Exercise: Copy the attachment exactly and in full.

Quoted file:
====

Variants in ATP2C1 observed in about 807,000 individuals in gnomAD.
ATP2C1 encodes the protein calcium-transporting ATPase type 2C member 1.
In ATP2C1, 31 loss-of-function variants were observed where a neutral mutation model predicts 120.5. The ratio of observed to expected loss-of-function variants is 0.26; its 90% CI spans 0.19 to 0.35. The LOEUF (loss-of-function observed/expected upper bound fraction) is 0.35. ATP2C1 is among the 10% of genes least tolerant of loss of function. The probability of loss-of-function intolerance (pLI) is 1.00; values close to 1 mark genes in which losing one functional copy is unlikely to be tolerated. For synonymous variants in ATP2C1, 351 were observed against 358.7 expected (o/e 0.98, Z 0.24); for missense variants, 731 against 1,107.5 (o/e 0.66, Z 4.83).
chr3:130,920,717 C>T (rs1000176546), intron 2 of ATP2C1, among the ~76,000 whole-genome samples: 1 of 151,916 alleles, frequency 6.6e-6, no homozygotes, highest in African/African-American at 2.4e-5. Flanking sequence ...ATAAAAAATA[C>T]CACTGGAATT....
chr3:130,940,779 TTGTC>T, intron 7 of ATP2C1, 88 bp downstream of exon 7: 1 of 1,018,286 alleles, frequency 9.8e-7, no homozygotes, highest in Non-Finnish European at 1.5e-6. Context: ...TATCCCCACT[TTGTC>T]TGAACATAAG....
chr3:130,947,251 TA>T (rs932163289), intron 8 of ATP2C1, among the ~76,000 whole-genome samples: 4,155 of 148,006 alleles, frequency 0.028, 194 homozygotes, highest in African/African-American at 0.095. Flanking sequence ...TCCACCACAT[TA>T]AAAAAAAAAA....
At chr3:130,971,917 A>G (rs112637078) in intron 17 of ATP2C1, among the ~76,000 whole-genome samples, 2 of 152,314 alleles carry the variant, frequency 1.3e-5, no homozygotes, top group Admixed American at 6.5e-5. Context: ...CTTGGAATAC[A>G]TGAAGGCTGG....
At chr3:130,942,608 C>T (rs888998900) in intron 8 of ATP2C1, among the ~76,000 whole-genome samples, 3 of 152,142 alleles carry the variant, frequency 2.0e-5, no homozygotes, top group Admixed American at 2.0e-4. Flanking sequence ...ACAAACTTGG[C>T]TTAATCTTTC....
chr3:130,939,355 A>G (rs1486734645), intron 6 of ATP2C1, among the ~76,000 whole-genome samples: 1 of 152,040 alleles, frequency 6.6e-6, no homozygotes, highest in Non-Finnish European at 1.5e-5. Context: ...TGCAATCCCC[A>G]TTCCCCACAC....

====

Variants in ATP2C1 observed in about 807,000 individuals in gnomAD.
ATP2C1 encodes the protein calcium-transporting ATPase type 2C member 1.
In ATP2C1, 31 loss-of-function variants were observed where a neutral mutation model predicts 120.5. The ratio of observed to expected loss-of-function variants is 0.26; its 90% CI spans 0.19 to 0.35. The LOEUF (loss-of-function observed/expected upper bound fraction) is 0.35. ATP2C1 is among the 10% of genes least tolerant of loss of function. The probability of loss-of-function intolerance (pLI) is 1.00; values close to 1 mark genes in which losing one functional copy is unlikely to be tolerated. For synonymous variants in ATP2C1, 351 were observed against 358.7 expected (o/e 0.98, Z 0.24); for missense variants, 731 against 1,107.5 (o/e 0.66, Z 4.83).
chr3:130,920,717 C>T (rs1000176546), intron 2 of ATP2C1, among the ~76,000 whole-genome samples: 1 of 151,916 alleles, frequency 6.6e-6, no homozygotes, highest in African/African-American at 2.4e-5. Flanking sequence ...ATAAAAAATA[C>T]CACTGGAATT....
chr3:130,940,779 TTGTC>T, intron 7 of ATP2C1, 88 bp downstream of exon 7: 1 of 1,018,286 alleles, frequency 9.8e-7, no homozygotes, highest in Non-Finnish European at 1.5e-6. Context: ...TATCCCCACT[TTGTC>T]TGAACATAAG....
chr3:130,947,251 TA>T (rs932163289), intron 8 of ATP2C1, among the ~76,000 whole-genome samples: 4,155 of 148,006 alleles, frequency 0.028, 194 homozygotes, highest in African/African-American at 0.095. Flanking sequence ...TCCACCACAT[TA>T]AAAAAAAAAA....
At chr3:130,971,917 A>G (rs112637078) in intron 17 of ATP2C1, among the ~76,000 whole-genome samples, 2 of 152,314 alleles carry the variant, frequency 1.3e-5, no homozygotes, top group Admixed American at 6.5e-5. Context: ...CTTGGAATAC[A>G]TGAAGGCTGG....
At chr3:130,942,608 C>T (rs888998900) in intron 8 of ATP2C1, among the ~76,000 whole-genome samples, 3 of 152,142 alleles carry the variant, frequency 2.0e-5, no homozygotes, top group Admixed American at 2.0e-4. Flanking sequence ...ACAAACTTGG[C>T]TTAATCTTTC....
chr3:130,939,355 A>G (rs1486734645), intron 6 of ATP2C1, among the ~76,000 whole-genome samples: 1 of 152,040 alleles, frequency 6.6e-6, no homozygotes, highest in Non-Finnish European at 1.5e-5. Context: ...TGCAATCCCC[A>G]TTCCCCACAC....